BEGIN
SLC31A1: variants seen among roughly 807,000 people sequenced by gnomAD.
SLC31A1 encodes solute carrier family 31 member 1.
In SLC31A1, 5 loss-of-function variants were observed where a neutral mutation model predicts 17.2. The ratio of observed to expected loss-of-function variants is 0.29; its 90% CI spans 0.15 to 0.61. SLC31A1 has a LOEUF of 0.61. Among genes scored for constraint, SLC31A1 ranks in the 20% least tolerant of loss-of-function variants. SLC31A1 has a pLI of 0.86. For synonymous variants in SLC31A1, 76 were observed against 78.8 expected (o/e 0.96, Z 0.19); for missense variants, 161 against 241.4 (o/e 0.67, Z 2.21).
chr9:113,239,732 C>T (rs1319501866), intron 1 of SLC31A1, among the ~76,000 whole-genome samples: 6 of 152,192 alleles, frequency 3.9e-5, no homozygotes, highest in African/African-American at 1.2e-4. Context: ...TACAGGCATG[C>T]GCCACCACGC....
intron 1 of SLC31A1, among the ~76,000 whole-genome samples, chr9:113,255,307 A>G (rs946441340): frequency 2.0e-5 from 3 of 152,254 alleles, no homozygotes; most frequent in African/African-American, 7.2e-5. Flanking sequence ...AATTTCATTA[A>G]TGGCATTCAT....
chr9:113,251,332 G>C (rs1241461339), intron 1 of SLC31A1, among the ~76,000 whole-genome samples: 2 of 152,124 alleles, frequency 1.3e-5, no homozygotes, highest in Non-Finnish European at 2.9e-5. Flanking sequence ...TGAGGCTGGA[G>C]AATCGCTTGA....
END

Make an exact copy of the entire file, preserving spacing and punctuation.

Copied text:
SLC31A1: variants seen among roughly 807,000 people sequenced by gnomAD.
SLC31A1 encodes solute carrier family 31 member 1.
In SLC31A1, 5 loss-of-function variants were observed where a neutral mutation model predicts 17.2. The ratio of observed to expected loss-of-function variants is 0.29; its 90% CI spans 0.15 to 0.61. SLC31A1 has a LOEUF of 0.61. Among genes scored for constraint, SLC31A1 ranks in the 20% least tolerant of loss-of-function variants. SLC31A1 has a pLI of 0.86. For synonymous variants in SLC31A1, 76 were observed against 78.8 expected (o/e 0.96, Z 0.19); for missense variants, 161 against 241.4 (o/e 0.67, Z 2.21).
chr9:113,239,732 C>T (rs1319501866), intron 1 of SLC31A1, among the ~76,000 whole-genome samples: 6 of 152,192 alleles, frequency 3.9e-5, no homozygotes, highest in African/African-American at 1.2e-4. Context: ...TACAGGCATG[C>T]GCCACCACGC....
intron 1 of SLC31A1, among the ~76,000 whole-genome samples, chr9:113,255,307 A>G (rs946441340): frequency 2.0e-5 from 3 of 152,254 alleles, no homozygotes; most frequent in African/African-American, 7.2e-5. Flanking sequence ...AATTTCATTA[A>G]TGGCATTCAT....
chr9:113,251,332 G>C (rs1241461339), intron 1 of SLC31A1, among the ~76,000 whole-genome samples: 2 of 152,124 alleles, frequency 1.3e-5, no homozygotes, highest in Non-Finnish European at 2.9e-5. Flanking sequence ...TGAGGCTGGA[G>C]AATCGCTTGA....